The United States recorded 14 new measles cases between July 3 and July 11, federal health officials said on Monday, signaling a slowdown in the spread of the disease, which has infected 1,123 people this year in the worst U.S. outbreak since 1992.
The Centers for Disease Control and Prevention said the new cases represented a 1.3% increase since the previous week and that it has recorded cases of the highly contagious and sometimes deadly disease in 28 states.
In recent weeks, the CDC has reported smaller increases in the number of measles cases, compared with a surge of more than 100 cases reported in a single week earlier this year.
Disease outbreaks have not been reported in any new states since June 10.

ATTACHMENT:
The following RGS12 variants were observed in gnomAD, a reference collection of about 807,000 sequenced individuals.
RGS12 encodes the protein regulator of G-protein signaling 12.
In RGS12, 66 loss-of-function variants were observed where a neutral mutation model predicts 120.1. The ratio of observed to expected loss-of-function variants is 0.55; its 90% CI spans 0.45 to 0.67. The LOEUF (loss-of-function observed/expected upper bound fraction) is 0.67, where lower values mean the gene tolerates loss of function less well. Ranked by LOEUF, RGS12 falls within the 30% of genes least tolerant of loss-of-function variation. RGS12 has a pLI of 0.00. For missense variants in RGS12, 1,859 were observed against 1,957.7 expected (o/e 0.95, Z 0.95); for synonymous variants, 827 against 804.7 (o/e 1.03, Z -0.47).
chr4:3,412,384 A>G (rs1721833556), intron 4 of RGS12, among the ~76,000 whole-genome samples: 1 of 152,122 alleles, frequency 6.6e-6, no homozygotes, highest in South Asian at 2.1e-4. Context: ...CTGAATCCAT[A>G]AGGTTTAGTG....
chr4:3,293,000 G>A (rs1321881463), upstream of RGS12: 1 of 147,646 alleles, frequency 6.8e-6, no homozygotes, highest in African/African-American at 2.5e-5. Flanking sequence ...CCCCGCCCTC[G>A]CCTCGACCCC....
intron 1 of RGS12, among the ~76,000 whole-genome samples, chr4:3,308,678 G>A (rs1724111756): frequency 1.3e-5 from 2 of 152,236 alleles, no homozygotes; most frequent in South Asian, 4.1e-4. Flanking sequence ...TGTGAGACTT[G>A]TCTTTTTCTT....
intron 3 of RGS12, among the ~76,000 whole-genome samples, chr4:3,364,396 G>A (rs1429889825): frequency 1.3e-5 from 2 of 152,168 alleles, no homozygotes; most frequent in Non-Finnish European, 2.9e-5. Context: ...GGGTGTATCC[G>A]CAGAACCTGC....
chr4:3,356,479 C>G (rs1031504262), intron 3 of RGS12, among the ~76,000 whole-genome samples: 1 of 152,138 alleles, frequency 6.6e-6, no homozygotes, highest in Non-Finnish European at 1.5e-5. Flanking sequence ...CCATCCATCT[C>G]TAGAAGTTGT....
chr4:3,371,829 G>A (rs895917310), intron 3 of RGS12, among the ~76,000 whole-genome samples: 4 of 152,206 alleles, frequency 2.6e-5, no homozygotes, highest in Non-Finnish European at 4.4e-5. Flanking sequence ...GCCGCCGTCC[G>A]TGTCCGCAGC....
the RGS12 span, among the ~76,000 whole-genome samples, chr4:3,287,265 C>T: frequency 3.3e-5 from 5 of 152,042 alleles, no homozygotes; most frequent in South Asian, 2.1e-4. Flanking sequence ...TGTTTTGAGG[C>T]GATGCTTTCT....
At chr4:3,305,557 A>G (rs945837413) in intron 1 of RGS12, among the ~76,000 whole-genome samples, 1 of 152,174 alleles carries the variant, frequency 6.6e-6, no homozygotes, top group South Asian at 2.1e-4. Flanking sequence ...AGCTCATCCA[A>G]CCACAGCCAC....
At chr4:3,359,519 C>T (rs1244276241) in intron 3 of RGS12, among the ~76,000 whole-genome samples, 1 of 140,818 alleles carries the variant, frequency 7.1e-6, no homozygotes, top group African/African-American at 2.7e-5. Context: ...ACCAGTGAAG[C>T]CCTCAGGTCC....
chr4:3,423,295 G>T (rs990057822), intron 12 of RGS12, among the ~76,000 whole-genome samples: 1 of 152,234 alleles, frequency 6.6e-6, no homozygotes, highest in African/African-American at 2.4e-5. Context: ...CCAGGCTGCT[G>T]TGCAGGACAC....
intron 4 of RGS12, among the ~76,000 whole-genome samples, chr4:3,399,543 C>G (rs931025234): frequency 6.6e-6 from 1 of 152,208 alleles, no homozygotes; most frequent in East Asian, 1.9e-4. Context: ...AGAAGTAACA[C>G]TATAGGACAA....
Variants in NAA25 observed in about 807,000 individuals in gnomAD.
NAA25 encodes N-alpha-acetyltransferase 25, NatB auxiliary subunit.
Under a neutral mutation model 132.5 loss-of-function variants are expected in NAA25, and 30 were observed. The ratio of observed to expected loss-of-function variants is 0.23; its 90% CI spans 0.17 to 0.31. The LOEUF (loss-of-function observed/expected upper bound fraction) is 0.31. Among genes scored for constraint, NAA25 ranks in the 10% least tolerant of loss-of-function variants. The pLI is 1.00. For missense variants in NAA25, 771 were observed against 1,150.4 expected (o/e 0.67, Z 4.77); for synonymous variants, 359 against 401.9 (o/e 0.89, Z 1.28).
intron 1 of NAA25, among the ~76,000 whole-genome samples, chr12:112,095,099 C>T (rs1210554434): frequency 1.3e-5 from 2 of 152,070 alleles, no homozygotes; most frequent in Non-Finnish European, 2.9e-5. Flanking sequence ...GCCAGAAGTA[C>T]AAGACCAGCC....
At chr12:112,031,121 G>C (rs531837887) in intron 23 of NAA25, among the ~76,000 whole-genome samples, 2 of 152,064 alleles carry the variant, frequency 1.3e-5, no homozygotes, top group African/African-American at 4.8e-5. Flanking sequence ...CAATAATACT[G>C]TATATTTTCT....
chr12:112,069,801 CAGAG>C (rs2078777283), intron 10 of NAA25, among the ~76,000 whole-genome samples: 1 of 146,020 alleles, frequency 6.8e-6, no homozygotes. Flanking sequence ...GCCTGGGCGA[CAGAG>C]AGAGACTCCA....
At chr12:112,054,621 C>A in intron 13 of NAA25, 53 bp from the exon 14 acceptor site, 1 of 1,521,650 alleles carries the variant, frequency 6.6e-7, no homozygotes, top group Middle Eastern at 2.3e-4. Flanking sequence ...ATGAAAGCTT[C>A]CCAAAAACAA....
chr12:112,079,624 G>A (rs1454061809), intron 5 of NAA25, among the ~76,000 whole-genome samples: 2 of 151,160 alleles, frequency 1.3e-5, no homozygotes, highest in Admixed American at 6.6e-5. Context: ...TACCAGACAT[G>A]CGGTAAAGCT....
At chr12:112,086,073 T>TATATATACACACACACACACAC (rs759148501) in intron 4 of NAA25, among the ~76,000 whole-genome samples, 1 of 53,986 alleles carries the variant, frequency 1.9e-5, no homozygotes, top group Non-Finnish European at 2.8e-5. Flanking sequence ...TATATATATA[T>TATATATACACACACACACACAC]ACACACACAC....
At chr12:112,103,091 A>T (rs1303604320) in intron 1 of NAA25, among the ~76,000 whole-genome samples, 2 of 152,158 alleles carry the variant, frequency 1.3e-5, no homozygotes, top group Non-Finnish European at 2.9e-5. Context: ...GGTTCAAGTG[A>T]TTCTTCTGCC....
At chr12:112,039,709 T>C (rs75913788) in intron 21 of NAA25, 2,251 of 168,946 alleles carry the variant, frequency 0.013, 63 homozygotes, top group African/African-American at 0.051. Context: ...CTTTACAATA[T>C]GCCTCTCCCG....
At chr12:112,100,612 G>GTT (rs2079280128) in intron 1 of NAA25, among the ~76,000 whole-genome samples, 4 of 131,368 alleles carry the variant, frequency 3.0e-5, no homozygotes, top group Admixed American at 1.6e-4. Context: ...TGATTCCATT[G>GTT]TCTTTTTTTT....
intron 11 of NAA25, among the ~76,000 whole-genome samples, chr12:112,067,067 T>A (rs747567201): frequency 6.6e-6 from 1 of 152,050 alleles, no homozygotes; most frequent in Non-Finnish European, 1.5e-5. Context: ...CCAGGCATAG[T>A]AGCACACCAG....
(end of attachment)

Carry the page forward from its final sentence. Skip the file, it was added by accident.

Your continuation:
The running tally of cases this year includes active cases and those that have since resolved. No fatalities have been reported.
Health experts say the virus has spread mostly among school-age children whose parents declined to give them the measles-mumps-rubella vaccine, which confers immunity to the disease. A vocal fringe of U.S. parents cites concerns that the vaccine may cause autism, despite scientific studies that have debunked such claims.
Measles was declared eliminated in the United States in 2000, meaning there was no continuous transmission of the disease for a year. Still, cases of the virus occur and spread via travelers coming from countries where measles is common.
CDC officials have warned that the country risks losing its measles elimination status if the ongoing outbreak, which began in October 2018 in New York, continues until October 2019.